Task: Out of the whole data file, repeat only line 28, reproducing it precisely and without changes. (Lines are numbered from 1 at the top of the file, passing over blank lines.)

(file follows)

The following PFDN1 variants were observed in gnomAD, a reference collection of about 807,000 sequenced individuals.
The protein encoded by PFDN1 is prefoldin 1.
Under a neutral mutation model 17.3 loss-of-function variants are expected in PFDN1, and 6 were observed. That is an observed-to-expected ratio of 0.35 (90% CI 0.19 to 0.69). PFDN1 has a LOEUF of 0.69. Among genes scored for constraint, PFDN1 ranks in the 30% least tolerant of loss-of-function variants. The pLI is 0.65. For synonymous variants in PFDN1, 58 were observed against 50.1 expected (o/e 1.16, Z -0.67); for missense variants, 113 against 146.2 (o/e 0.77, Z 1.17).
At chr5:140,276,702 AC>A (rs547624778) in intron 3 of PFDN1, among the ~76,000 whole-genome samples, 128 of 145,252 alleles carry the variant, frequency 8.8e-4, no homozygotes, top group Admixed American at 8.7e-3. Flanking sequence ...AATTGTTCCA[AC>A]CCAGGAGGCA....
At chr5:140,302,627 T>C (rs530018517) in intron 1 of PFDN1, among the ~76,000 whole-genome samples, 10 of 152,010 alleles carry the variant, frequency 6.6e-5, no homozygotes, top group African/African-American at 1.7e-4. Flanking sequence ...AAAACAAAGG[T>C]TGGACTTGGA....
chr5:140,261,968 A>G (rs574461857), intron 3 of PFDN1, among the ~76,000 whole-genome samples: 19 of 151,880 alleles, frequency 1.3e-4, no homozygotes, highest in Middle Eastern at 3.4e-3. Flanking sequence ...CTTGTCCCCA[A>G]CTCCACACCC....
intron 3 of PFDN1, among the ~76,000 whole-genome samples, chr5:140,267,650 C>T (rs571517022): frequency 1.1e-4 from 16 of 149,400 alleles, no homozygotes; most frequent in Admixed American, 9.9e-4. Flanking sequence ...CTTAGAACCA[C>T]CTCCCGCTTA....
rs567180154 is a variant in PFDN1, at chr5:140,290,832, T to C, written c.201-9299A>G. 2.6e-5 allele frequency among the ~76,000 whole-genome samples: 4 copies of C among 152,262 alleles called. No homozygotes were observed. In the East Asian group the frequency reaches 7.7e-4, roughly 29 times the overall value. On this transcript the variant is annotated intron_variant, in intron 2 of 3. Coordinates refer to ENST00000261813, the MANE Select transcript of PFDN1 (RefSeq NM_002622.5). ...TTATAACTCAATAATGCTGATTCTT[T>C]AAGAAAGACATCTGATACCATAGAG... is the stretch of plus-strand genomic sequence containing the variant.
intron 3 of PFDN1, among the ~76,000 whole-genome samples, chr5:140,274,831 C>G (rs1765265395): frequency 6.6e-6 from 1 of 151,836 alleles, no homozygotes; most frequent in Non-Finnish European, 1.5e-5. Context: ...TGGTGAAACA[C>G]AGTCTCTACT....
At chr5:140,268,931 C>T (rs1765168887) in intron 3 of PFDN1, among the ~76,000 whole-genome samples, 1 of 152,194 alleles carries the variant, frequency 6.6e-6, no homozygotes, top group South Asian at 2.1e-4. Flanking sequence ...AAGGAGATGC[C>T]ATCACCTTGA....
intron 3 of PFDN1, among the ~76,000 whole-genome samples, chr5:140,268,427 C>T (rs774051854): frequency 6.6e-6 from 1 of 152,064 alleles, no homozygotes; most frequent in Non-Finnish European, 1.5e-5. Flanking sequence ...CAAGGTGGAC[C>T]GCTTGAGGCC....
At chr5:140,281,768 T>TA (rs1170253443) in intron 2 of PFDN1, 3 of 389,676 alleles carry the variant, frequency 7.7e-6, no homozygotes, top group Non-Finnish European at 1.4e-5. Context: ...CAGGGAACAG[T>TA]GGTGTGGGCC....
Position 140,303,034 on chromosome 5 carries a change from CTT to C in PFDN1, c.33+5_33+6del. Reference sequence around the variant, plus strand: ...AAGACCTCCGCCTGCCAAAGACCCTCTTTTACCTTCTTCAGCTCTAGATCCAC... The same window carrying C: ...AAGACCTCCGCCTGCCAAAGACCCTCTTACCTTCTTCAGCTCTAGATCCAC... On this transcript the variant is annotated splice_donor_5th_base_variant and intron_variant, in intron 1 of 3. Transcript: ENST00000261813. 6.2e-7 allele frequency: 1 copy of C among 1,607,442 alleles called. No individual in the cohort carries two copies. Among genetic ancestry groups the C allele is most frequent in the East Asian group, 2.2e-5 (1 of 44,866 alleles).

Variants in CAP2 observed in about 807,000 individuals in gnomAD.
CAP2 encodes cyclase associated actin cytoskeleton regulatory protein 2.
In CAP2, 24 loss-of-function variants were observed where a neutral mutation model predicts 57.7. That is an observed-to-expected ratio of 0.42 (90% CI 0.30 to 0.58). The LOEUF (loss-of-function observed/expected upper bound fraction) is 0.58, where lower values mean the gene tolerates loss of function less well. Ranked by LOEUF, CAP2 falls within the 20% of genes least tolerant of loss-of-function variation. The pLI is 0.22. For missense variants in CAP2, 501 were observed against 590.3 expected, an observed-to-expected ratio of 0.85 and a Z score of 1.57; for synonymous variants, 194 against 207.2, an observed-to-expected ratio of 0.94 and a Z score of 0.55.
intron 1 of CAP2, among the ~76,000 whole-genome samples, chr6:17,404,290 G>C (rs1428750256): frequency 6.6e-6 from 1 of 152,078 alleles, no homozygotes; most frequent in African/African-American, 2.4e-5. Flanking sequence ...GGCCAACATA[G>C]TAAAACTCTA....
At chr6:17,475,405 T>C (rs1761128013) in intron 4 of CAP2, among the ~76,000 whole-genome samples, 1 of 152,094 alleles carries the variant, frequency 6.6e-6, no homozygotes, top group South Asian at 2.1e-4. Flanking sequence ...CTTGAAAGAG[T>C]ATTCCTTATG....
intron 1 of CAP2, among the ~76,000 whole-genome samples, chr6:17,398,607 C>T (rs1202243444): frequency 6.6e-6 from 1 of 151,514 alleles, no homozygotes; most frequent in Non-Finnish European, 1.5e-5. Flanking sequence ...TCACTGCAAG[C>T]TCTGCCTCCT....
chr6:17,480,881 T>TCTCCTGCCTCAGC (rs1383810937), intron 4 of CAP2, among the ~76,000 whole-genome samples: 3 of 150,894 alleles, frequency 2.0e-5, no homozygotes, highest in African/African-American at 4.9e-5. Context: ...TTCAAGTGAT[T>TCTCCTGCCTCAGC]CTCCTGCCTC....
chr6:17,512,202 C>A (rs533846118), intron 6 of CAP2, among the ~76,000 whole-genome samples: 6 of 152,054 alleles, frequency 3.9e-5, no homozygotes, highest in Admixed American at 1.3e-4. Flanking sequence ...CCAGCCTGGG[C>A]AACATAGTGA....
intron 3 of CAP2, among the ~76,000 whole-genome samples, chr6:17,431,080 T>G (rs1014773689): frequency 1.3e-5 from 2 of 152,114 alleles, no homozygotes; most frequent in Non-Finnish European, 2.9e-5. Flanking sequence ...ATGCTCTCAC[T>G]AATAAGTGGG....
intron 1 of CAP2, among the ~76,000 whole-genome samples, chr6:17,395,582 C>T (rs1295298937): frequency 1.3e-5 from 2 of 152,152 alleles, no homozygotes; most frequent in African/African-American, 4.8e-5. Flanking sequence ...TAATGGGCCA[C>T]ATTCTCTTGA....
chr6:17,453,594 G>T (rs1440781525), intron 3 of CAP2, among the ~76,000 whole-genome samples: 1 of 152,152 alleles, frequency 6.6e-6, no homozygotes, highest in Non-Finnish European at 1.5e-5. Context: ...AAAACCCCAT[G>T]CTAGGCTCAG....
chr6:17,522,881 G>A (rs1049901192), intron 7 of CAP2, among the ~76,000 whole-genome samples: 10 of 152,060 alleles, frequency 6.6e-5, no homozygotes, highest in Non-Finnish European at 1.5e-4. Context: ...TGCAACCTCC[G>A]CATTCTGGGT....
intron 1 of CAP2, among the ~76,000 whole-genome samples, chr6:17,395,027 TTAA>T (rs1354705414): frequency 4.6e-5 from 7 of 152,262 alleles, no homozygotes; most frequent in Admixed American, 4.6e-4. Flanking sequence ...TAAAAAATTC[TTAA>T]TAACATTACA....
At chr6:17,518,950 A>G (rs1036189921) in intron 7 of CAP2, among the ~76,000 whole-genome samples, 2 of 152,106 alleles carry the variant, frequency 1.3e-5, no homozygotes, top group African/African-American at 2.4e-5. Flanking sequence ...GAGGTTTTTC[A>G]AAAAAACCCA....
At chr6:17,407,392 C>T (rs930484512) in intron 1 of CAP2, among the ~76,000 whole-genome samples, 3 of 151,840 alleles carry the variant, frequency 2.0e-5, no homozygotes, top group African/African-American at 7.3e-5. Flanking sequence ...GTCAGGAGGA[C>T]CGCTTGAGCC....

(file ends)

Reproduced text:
At chr6:17,407,392 C>T (rs930484512) in intron 1 of CAP2, among the ~76,000 whole-genome samples, 3 of 151,840 alleles carry the variant, frequency 2.0e-5, no homozygotes, top group African/African-American at 7.3e-5. Flanking sequence ...GTCAGGAGGA[C>T]CGCTTGAGCC....